W3C home > Mailing lists > Public > w3c-ietf-xmldsig@w3.org > April to June 1999

Re: Namespace treatment for C14N

From: Bob Smart <Bob.Smart@cmis.CSIRO.AU>
Date: Wed, 09 Jun 1999 10:45:44 +1000
Message-Id: <199906090045.KAA15841@stranger.vic.cmis.CSIRO.AU>
To: w3c-ietf-xmldsig@w3.org
 > some way to carry the digest algorithm used and any required
 > associated parameters. Otherwise, the approach might not easily 
 > survive change

Well for canonicalization change is impossible. Perhaps that is 
why it makes us nervous. Since URIs aren't that long, a safe choice
here would be to hexify the URI itself, rather than a hash of it.

The alternative to canonicalization is to provide a mechanism for
transferring the bits that were signed. This can't be impossible
since the signature itself is just a string of bits and we have to
transfer that exactly. However apart from being very ugly it 
leaves the new question: "Given two strings of bits representing
XML can we determine if they are the same document?". While it
is easy to prove that this problem is no harder than canonicalization
it is not obviously easier. It does however have the merit that the
issue of handling change is now external to the digital signature

So the no-canonicalization fallback position would be something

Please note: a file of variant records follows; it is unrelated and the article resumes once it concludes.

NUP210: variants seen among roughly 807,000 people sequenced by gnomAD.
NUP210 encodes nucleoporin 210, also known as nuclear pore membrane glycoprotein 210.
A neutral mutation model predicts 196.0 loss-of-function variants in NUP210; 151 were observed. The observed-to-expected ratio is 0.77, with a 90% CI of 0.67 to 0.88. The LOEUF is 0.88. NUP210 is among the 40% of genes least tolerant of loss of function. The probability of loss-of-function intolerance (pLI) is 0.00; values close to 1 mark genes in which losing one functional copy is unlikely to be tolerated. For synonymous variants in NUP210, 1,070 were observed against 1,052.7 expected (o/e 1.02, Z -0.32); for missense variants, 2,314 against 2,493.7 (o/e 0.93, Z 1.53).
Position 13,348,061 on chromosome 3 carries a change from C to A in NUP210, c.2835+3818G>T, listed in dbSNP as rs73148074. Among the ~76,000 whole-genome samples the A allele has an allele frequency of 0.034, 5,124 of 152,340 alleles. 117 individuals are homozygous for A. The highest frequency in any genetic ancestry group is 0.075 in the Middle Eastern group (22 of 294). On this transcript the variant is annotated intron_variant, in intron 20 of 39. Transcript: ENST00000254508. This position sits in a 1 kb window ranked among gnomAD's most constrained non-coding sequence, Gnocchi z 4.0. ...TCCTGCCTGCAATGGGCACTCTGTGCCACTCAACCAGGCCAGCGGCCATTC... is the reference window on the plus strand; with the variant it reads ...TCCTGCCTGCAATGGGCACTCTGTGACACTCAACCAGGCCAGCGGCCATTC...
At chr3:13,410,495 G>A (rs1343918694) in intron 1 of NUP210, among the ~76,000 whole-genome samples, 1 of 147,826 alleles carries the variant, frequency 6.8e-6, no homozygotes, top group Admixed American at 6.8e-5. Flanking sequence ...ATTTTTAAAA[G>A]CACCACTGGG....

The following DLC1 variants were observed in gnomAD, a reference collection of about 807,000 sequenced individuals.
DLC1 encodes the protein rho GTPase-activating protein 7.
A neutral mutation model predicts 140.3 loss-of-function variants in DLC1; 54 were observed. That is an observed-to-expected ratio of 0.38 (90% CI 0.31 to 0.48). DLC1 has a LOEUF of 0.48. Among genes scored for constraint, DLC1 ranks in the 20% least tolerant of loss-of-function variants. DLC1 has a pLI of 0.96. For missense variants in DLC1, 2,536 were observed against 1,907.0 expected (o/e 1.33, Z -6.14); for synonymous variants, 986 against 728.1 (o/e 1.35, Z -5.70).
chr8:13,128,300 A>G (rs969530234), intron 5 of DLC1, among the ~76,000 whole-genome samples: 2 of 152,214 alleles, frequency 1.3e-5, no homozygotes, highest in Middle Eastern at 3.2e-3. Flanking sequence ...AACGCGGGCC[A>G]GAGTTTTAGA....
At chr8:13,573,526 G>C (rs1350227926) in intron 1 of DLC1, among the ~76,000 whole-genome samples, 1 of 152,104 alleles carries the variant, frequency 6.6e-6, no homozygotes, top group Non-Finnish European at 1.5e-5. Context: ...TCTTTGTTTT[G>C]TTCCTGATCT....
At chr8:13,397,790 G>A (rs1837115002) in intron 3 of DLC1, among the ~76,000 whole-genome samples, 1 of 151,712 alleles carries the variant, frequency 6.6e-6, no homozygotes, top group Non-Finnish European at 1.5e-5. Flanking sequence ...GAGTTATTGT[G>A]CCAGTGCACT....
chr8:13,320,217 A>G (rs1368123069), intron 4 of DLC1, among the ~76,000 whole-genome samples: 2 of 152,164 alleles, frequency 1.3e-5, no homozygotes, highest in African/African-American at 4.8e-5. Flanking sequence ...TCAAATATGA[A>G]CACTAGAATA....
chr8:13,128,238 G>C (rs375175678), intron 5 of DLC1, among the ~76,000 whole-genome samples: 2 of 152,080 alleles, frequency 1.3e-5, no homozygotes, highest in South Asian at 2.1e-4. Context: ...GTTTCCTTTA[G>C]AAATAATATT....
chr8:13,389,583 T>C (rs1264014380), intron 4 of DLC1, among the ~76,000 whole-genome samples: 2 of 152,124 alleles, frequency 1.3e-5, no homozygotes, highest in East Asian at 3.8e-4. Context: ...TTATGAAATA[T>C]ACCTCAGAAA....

Signature block consists of
    a sequence of pairs each of which is
        an exact representation of the bits that were signed 
                         OR a hash and URI for that exact rep (*)
        a sequence of pairs each of which is
            a public key
            a signature (for the current exact representation)

[i.e. you can have multiple signatures but you have to allow for
signatures being applied to different representations.]

(*) If the hash is right for the currently available text, or
    a standard canonicalization thereof, then you don't need to
    fetch from the URI. We could add an extra option "OR a hash
    and a standard canonicalization specification", in which
    case we have an optional-canonicalization scheme.

Received on Tuesday, 8 June 1999 20:46:23 UTC

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